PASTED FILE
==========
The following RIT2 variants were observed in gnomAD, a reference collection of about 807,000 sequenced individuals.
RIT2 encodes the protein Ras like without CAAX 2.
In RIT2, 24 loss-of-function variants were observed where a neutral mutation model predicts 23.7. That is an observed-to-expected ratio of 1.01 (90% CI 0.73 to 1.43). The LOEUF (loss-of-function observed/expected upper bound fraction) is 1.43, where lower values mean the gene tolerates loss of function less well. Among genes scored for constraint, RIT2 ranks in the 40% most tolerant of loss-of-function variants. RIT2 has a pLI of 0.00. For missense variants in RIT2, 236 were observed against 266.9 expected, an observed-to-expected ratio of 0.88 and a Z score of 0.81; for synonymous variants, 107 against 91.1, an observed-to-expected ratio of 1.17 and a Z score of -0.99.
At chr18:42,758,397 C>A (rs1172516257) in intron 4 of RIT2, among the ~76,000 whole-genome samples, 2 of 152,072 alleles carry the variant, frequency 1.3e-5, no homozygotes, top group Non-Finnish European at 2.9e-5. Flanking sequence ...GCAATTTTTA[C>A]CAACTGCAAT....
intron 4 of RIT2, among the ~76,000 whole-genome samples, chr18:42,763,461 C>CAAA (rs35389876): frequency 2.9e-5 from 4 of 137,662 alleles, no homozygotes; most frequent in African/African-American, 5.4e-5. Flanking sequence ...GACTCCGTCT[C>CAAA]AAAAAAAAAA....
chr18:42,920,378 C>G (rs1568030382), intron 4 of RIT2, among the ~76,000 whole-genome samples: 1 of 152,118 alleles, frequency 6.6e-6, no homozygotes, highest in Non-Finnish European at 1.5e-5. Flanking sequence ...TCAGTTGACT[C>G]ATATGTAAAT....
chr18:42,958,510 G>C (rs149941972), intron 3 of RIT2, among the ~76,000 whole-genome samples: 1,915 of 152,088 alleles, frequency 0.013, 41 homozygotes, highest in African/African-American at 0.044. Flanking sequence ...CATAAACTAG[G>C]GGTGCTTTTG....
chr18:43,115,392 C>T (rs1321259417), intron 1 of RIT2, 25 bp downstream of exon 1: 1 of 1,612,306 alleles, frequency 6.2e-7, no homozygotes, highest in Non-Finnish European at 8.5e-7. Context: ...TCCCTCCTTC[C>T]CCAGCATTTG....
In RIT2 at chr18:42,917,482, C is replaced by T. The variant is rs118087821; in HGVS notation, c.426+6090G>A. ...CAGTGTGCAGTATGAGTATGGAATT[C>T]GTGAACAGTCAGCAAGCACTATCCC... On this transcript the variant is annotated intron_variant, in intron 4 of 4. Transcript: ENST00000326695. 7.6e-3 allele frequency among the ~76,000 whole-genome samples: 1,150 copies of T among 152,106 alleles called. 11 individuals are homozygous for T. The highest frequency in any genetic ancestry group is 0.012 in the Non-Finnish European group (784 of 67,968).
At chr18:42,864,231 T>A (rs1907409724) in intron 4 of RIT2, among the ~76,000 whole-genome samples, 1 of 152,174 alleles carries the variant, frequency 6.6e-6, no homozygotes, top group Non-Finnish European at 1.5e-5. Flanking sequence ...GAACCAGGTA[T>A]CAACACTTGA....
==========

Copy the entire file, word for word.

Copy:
The following RIT2 variants were observed in gnomAD, a reference collection of about 807,000 sequenced individuals.
RIT2 encodes the protein Ras like without CAAX 2.
In RIT2, 24 loss-of-function variants were observed where a neutral mutation model predicts 23.7. That is an observed-to-expected ratio of 1.01 (90% CI 0.73 to 1.43). The LOEUF (loss-of-function observed/expected upper bound fraction) is 1.43, where lower values mean the gene tolerates loss of function less well. Among genes scored for constraint, RIT2 ranks in the 40% most tolerant of loss-of-function variants. RIT2 has a pLI of 0.00. For missense variants in RIT2, 236 were observed against 266.9 expected, an observed-to-expected ratio of 0.88 and a Z score of 0.81; for synonymous variants, 107 against 91.1, an observed-to-expected ratio of 1.17 and a Z score of -0.99.
At chr18:42,758,397 C>A (rs1172516257) in intron 4 of RIT2, among the ~76,000 whole-genome samples, 2 of 152,072 alleles carry the variant, frequency 1.3e-5, no homozygotes, top group Non-Finnish European at 2.9e-5. Flanking sequence ...GCAATTTTTA[C>A]CAACTGCAAT....
intron 4 of RIT2, among the ~76,000 whole-genome samples, chr18:42,763,461 C>CAAA (rs35389876): frequency 2.9e-5 from 4 of 137,662 alleles, no homozygotes; most frequent in African/African-American, 5.4e-5. Flanking sequence ...GACTCCGTCT[C>CAAA]AAAAAAAAAA....
chr18:42,920,378 C>G (rs1568030382), intron 4 of RIT2, among the ~76,000 whole-genome samples: 1 of 152,118 alleles, frequency 6.6e-6, no homozygotes, highest in Non-Finnish European at 1.5e-5. Flanking sequence ...TCAGTTGACT[C>G]ATATGTAAAT....
chr18:42,958,510 G>C (rs149941972), intron 3 of RIT2, among the ~76,000 whole-genome samples: 1,915 of 152,088 alleles, frequency 0.013, 41 homozygotes, highest in African/African-American at 0.044. Flanking sequence ...CATAAACTAG[G>C]GGTGCTTTTG....
chr18:43,115,392 C>T (rs1321259417), intron 1 of RIT2, 25 bp downstream of exon 1: 1 of 1,612,306 alleles, frequency 6.2e-7, no homozygotes, highest in Non-Finnish European at 8.5e-7. Context: ...TCCCTCCTTC[C>T]CCAGCATTTG....
In RIT2 at chr18:42,917,482, C is replaced by T. The variant is rs118087821; in HGVS notation, c.426+6090G>A. ...CAGTGTGCAGTATGAGTATGGAATT[C>T]GTGAACAGTCAGCAAGCACTATCCC... On this transcript the variant is annotated intron_variant, in intron 4 of 4. Transcript: ENST00000326695. 7.6e-3 allele frequency among the ~76,000 whole-genome samples: 1,150 copies of T among 152,106 alleles called. 11 individuals are homozygous for T. The highest frequency in any genetic ancestry group is 0.012 in the Non-Finnish European group (784 of 67,968).
At chr18:42,864,231 T>A (rs1907409724) in intron 4 of RIT2, among the ~76,000 whole-genome samples, 1 of 152,174 alleles carries the variant, frequency 6.6e-6, no homozygotes, top group Non-Finnish European at 1.5e-5. Flanking sequence ...GAACCAGGTA[T>A]CAACACTTGA....